The prolific English director returns to TIFF (where he has shown many of his films, including 2010’s The Trip), with his first India-set film, Trisha.
Freida Pinto and Riz Ahmed star in the contemporary, relocated retelling of Thomas Hardy’s Tess of the d’Urbervilles. Bankside handles sales.
What gave you the idea to update Hardy and bring Tess to India?
When we were doing the reccies on Code 46 we were travelling around with in Rajasthan, there just felt like there were a lot of aspects of the place at that time which were similar to the world that Hardy describes. It’s about rural communities that have been very conservative, very fixed, very traditional, and then it’s the impact of the new technology, education, communication. That’s what Hardy is writing about in Tess, and that’s very much what’s happening in India now.
You also did an adaptation of Jude the Obscure, what is it about Hardy that you love?
Tess and Jude are my two favourite books of his. He has stories that are tragic love stories, and he’s brilliant at showing that they are very much individuals’ lives connected. And showing why they struggle to achieve the things they want to achieve.
How did you work with Riz and Freida?
Riz’s character is brought up in England, so he could draw on what he already knew. With Freida, she spent more time going to learn about Rajasthan. She spent some time at farmers ‘houses. In the end the family we filmed, so she spent some time with them and then they are in the film as well. I had worked with Riz before [on Road To Guantanamo] but this is the first time he’s done a romantic leading man kind of role, he completely stepped up. They were both great to work with, and the film is all about the two of them, right from the beginning they seemed to connect.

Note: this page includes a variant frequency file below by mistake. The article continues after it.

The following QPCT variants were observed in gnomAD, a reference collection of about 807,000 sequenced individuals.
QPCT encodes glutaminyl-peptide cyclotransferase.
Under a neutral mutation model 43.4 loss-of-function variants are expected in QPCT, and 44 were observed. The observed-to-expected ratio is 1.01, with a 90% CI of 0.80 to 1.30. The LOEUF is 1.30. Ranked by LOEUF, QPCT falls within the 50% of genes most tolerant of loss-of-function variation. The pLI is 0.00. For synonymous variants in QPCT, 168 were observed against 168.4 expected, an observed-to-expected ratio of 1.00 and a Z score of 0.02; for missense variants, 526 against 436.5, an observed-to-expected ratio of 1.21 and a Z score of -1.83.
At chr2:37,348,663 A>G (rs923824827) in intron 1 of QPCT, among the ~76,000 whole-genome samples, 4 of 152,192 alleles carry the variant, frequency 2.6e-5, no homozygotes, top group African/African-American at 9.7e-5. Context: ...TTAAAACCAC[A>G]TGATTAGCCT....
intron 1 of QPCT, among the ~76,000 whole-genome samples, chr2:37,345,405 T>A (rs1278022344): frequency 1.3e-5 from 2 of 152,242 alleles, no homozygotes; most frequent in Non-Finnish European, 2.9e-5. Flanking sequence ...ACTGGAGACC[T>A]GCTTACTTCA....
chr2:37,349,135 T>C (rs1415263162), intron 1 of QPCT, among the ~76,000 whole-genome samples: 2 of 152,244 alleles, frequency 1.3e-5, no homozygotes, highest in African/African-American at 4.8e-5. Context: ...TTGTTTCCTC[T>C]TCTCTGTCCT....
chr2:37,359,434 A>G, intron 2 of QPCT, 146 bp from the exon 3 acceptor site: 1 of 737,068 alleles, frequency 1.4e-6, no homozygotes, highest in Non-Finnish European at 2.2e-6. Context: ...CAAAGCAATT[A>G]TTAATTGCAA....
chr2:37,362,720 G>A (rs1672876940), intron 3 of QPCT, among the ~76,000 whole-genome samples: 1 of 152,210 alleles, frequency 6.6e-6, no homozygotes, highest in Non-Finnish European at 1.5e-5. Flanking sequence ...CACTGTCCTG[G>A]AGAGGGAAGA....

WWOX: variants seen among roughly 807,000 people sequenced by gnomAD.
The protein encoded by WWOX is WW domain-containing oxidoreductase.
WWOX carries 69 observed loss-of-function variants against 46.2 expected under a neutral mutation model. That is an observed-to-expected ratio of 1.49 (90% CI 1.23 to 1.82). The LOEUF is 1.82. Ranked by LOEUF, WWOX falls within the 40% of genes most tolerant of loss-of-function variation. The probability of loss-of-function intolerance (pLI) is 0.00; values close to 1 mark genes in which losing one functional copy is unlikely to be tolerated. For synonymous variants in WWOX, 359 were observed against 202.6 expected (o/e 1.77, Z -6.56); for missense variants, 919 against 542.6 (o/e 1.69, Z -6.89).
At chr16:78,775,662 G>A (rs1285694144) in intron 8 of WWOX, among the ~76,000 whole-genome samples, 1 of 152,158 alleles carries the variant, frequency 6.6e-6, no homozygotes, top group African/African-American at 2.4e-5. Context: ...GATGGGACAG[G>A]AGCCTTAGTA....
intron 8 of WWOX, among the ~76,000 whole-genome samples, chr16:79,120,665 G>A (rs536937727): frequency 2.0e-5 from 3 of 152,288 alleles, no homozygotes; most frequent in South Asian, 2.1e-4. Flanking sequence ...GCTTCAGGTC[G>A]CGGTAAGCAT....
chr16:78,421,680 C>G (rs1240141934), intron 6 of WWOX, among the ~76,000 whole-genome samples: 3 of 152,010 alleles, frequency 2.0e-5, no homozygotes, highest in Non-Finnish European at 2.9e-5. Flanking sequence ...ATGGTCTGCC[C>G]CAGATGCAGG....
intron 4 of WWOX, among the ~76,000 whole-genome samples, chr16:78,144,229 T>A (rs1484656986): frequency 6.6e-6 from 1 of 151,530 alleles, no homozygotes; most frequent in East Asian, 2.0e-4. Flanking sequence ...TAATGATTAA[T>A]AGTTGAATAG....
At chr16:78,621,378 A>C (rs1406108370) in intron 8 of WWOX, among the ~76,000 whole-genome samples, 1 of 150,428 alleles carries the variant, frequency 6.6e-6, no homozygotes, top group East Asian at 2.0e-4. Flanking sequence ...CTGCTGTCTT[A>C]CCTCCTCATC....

How much of a Bollywood influence is there to the film?
Hardy was telling stories not dissimilar to the stories that Bollywood tells. In Tess, one of the guys falls in love with her when he sees her at a village dance. So I took that idea, and dancing and film are huge in India. Trishna loves film, she loves dancing, and when they go to Mumbai Jay is trying to be a film producer, they are in that world on the fringe of Bollywood. We had four songs specially composed for the film by Amit Trivedi.
How do you describe the look of Trishna?
So much of the look of a film depends on where you’re filming and what you’re filming, because we always shoot on location. We shot on the Alexa, so it has a nice quality to it.It is Rajasthan, it has these amazing hotels, the desert, houses. It’s a film that moves from countryside to farm to hotels to Mumbai to Jodhpur to Jaipur, from my point of view I’m just trying to capture what that’s like. The look of it is how it looks.
Would you shoot in India again?
It was weirdly more transparent and enjoyable this time [compared to earlier shoots for 2046 and A Mighty Heart], it is very dynamic, they are making a lot of films there. It’s quite an enjoyable atmosphere to work in.
What do you think of Toronto as a festival?
It’s great, the first thing Andrew [Eaton, co-founder and producer at Revolution] and I ever did together was a TV thing called Family, and we did a film version that showed in Toronto [in 2004]. It was from that showing in Toronto that we got a chance to make Jude. We’ve been there a lot over the years.